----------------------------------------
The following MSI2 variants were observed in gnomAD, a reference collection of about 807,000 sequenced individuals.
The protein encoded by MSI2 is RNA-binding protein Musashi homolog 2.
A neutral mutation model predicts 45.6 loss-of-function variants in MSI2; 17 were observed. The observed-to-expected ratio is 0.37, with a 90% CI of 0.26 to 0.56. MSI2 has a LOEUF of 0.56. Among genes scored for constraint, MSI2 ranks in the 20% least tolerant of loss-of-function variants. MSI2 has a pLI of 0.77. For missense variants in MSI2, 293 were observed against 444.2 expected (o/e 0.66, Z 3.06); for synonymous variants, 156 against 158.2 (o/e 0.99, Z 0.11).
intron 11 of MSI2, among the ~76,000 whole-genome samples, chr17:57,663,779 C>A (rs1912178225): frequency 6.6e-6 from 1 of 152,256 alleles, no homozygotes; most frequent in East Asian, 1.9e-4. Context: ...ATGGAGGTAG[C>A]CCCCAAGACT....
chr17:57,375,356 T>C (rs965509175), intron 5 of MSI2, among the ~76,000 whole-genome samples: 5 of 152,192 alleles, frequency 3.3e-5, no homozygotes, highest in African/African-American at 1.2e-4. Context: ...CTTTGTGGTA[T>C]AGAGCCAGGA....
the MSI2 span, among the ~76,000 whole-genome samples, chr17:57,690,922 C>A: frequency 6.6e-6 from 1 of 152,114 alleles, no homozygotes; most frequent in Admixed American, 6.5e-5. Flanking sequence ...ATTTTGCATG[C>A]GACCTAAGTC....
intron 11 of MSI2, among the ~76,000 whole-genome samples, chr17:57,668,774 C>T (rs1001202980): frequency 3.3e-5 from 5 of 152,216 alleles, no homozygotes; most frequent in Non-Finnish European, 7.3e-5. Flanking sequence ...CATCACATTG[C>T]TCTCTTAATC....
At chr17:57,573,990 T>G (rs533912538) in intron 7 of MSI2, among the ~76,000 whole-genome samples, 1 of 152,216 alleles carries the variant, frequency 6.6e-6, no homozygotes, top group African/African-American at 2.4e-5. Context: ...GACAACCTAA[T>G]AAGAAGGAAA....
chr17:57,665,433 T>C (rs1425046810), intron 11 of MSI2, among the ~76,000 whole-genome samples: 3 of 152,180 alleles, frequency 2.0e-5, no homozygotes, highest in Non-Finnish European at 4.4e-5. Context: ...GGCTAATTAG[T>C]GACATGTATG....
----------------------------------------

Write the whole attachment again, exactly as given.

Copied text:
The following MSI2 variants were observed in gnomAD, a reference collection of about 807,000 sequenced individuals.
The protein encoded by MSI2 is RNA-binding protein Musashi homolog 2.
A neutral mutation model predicts 45.6 loss-of-function variants in MSI2; 17 were observed. The observed-to-expected ratio is 0.37, with a 90% CI of 0.26 to 0.56. MSI2 has a LOEUF of 0.56. Among genes scored for constraint, MSI2 ranks in the 20% least tolerant of loss-of-function variants. MSI2 has a pLI of 0.77. For missense variants in MSI2, 293 were observed against 444.2 expected (o/e 0.66, Z 3.06); for synonymous variants, 156 against 158.2 (o/e 0.99, Z 0.11).
intron 11 of MSI2, among the ~76,000 whole-genome samples, chr17:57,663,779 C>A (rs1912178225): frequency 6.6e-6 from 1 of 152,256 alleles, no homozygotes; most frequent in East Asian, 1.9e-4. Context: ...ATGGAGGTAG[C>A]CCCCAAGACT....
chr17:57,375,356 T>C (rs965509175), intron 5 of MSI2, among the ~76,000 whole-genome samples: 5 of 152,192 alleles, frequency 3.3e-5, no homozygotes, highest in African/African-American at 1.2e-4. Context: ...CTTTGTGGTA[T>C]AGAGCCAGGA....
the MSI2 span, among the ~76,000 whole-genome samples, chr17:57,690,922 C>A: frequency 6.6e-6 from 1 of 152,114 alleles, no homozygotes; most frequent in Admixed American, 6.5e-5. Flanking sequence ...ATTTTGCATG[C>A]GACCTAAGTC....
intron 11 of MSI2, among the ~76,000 whole-genome samples, chr17:57,668,774 C>T (rs1001202980): frequency 3.3e-5 from 5 of 152,216 alleles, no homozygotes; most frequent in Non-Finnish European, 7.3e-5. Flanking sequence ...CATCACATTG[C>T]TCTCTTAATC....
At chr17:57,573,990 T>G (rs533912538) in intron 7 of MSI2, among the ~76,000 whole-genome samples, 1 of 152,216 alleles carries the variant, frequency 6.6e-6, no homozygotes, top group African/African-American at 2.4e-5. Context: ...GACAACCTAA[T>G]AAGAAGGAAA....
chr17:57,665,433 T>C (rs1425046810), intron 11 of MSI2, among the ~76,000 whole-genome samples: 3 of 152,180 alleles, frequency 2.0e-5, no homozygotes, highest in Non-Finnish European at 4.4e-5. Context: ...GGCTAATTAG[T>C]GACATGTATG....